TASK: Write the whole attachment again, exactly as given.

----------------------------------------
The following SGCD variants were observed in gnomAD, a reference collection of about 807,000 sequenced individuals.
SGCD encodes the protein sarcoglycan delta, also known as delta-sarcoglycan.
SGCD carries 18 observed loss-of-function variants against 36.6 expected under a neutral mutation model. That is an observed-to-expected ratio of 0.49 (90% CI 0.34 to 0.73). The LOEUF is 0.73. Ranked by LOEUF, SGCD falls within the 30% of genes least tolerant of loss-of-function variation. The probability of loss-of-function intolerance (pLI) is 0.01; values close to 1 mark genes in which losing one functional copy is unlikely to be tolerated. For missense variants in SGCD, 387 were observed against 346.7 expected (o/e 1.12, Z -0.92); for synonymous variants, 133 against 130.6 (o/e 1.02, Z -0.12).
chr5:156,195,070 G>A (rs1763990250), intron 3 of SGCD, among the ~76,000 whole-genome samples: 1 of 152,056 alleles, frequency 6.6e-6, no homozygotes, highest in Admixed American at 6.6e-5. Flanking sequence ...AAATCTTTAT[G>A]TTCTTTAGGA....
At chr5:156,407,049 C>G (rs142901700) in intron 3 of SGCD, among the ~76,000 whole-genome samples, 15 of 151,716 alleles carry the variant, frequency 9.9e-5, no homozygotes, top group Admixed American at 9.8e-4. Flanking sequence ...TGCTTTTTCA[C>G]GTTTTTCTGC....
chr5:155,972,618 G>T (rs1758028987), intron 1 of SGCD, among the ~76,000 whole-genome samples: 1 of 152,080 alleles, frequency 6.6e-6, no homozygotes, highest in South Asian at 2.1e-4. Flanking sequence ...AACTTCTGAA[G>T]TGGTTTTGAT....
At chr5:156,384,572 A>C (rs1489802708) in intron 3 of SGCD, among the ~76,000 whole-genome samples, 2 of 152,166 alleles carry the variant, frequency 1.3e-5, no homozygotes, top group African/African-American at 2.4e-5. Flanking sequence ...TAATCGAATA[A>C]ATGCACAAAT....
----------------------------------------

The following SGCD variants were observed in gnomAD, a reference collection of about 807,000 sequenced individuals.
SGCD encodes the protein sarcoglycan delta, also known as delta-sarcoglycan.
SGCD carries 18 observed loss-of-function variants against 36.6 expected under a neutral mutation model. That is an observed-to-expected ratio of 0.49 (90% CI 0.34 to 0.73). The LOEUF is 0.73. Ranked by LOEUF, SGCD falls within the 30% of genes least tolerant of loss-of-function variation. The probability of loss-of-function intolerance (pLI) is 0.01; values close to 1 mark genes in which losing one functional copy is unlikely to be tolerated. For missense variants in SGCD, 387 were observed against 346.7 expected (o/e 1.12, Z -0.92); for synonymous variants, 133 against 130.6 (o/e 1.02, Z -0.12).
chr5:156,195,070 G>A (rs1763990250), intron 3 of SGCD, among the ~76,000 whole-genome samples: 1 of 152,056 alleles, frequency 6.6e-6, no homozygotes, highest in Admixed American at 6.6e-5. Flanking sequence ...AAATCTTTAT[G>A]TTCTTTAGGA....
At chr5:156,407,049 C>G (rs142901700) in intron 3 of SGCD, among the ~76,000 whole-genome samples, 15 of 151,716 alleles carry the variant, frequency 9.9e-5, no homozygotes, top group Admixed American at 9.8e-4. Flanking sequence ...TGCTTTTTCA[C>G]GTTTTTCTGC....
chr5:155,972,618 G>T (rs1758028987), intron 1 of SGCD, among the ~76,000 whole-genome samples: 1 of 152,080 alleles, frequency 6.6e-6, no homozygotes, highest in South Asian at 2.1e-4. Flanking sequence ...AACTTCTGAA[G>T]TGGTTTTGAT....
At chr5:156,384,572 A>C (rs1489802708) in intron 3 of SGCD, among the ~76,000 whole-genome samples, 2 of 152,166 alleles carry the variant, frequency 1.3e-5, no homozygotes, top group African/African-American at 2.4e-5. Flanking sequence ...TAATCGAATA[A>C]ATGCACAAAT....